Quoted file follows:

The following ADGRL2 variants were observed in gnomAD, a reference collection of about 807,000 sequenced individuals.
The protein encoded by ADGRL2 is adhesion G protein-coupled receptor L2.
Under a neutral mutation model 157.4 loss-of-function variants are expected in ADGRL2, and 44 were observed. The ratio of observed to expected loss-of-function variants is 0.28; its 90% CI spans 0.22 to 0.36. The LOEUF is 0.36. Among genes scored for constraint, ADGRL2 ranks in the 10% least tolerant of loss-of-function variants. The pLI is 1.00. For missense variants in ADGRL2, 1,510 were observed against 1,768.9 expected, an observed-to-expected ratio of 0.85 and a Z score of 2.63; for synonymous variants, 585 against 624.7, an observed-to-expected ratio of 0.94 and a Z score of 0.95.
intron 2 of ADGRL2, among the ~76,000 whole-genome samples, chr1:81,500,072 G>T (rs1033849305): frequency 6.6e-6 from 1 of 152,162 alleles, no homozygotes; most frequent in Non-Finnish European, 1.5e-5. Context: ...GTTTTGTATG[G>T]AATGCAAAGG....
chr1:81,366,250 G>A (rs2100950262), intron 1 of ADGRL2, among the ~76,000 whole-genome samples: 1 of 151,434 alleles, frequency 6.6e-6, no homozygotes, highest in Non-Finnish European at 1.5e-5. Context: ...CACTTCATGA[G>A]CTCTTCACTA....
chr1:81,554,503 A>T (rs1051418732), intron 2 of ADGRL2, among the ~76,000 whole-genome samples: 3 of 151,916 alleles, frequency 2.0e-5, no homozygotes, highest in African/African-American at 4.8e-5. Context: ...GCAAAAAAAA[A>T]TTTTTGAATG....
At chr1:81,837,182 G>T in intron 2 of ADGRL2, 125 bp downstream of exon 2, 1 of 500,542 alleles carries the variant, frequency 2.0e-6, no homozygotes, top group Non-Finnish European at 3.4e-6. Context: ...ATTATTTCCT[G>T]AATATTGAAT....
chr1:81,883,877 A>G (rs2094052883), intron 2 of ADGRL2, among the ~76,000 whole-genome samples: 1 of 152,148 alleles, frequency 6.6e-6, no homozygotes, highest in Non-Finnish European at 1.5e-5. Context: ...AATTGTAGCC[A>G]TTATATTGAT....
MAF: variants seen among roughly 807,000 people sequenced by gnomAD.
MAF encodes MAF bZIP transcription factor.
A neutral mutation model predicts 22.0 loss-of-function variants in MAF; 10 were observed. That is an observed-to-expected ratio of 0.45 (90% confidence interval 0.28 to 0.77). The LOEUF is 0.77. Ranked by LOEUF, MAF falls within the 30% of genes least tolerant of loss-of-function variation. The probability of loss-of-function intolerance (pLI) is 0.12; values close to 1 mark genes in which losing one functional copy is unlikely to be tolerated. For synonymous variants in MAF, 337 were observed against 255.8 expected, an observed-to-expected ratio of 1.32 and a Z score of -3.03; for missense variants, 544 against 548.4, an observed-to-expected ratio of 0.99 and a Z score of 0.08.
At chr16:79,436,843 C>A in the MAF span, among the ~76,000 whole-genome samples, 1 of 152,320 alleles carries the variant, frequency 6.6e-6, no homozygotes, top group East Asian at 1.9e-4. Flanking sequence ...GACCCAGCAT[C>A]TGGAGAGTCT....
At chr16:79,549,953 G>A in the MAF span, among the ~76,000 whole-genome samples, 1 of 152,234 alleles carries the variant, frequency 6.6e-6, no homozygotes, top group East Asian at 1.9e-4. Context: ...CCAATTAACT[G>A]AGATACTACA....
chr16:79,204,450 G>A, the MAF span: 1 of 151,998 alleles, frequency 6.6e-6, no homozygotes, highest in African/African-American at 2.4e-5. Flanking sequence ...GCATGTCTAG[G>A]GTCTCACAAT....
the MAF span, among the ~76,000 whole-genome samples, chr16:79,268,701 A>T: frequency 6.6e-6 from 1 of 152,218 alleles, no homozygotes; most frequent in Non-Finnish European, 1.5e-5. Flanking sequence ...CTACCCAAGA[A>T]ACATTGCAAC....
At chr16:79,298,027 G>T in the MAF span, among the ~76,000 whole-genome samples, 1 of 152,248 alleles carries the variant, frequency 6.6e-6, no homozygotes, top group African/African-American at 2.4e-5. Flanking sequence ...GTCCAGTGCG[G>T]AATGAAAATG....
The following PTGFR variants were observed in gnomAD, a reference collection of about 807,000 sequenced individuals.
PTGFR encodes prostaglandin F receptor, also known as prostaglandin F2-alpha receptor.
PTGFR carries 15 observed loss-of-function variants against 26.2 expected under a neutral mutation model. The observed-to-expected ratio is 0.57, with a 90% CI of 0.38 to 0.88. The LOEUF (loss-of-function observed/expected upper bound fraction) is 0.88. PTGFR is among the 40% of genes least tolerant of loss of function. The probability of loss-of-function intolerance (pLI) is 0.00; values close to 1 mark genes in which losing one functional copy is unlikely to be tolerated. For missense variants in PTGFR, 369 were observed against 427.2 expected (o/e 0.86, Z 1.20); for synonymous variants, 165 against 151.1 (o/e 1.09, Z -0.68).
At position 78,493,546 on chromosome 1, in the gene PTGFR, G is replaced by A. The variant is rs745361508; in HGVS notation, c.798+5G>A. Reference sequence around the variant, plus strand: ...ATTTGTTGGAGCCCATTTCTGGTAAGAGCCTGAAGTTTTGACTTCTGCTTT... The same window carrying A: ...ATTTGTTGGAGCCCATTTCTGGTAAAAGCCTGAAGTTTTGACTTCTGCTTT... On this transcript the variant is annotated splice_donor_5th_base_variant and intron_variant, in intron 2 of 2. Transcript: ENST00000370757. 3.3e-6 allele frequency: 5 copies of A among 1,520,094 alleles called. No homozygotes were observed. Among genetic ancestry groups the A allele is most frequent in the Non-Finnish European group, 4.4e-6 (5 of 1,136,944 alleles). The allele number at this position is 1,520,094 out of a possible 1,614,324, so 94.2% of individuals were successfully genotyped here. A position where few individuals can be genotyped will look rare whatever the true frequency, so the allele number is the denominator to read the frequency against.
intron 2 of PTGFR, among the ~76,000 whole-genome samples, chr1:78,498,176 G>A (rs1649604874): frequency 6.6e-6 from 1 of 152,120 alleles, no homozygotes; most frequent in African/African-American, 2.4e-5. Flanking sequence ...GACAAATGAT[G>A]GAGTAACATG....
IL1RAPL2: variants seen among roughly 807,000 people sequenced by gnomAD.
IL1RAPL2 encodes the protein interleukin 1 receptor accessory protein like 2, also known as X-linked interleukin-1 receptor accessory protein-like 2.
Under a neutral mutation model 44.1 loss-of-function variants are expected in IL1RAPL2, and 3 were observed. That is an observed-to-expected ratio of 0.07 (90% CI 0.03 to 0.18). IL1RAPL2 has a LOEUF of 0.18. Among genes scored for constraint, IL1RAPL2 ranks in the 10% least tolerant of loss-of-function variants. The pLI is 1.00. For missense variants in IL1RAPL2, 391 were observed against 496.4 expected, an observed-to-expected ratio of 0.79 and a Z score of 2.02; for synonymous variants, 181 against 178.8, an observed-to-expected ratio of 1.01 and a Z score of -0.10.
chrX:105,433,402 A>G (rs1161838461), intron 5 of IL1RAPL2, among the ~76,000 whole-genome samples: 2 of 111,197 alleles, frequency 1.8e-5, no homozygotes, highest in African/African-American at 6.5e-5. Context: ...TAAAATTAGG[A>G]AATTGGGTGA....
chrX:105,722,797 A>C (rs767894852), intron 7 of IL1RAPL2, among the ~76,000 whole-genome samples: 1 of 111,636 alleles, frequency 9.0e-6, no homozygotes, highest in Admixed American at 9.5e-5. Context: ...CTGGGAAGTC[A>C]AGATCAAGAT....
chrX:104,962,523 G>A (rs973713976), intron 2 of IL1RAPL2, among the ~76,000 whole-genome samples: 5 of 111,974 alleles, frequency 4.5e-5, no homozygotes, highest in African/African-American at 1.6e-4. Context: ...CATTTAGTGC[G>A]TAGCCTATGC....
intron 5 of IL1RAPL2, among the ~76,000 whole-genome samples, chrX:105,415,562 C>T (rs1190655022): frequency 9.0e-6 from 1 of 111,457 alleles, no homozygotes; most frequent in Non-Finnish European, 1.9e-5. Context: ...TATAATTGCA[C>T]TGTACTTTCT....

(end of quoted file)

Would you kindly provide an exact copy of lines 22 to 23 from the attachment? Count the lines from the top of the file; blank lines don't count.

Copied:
IL1RAPL2: variants seen among roughly 807,000 people sequenced by gnomAD.
IL1RAPL2 encodes the protein interleukin 1 receptor accessory protein like 2, also known as X-linked interleukin-1 receptor accessory protein-like 2.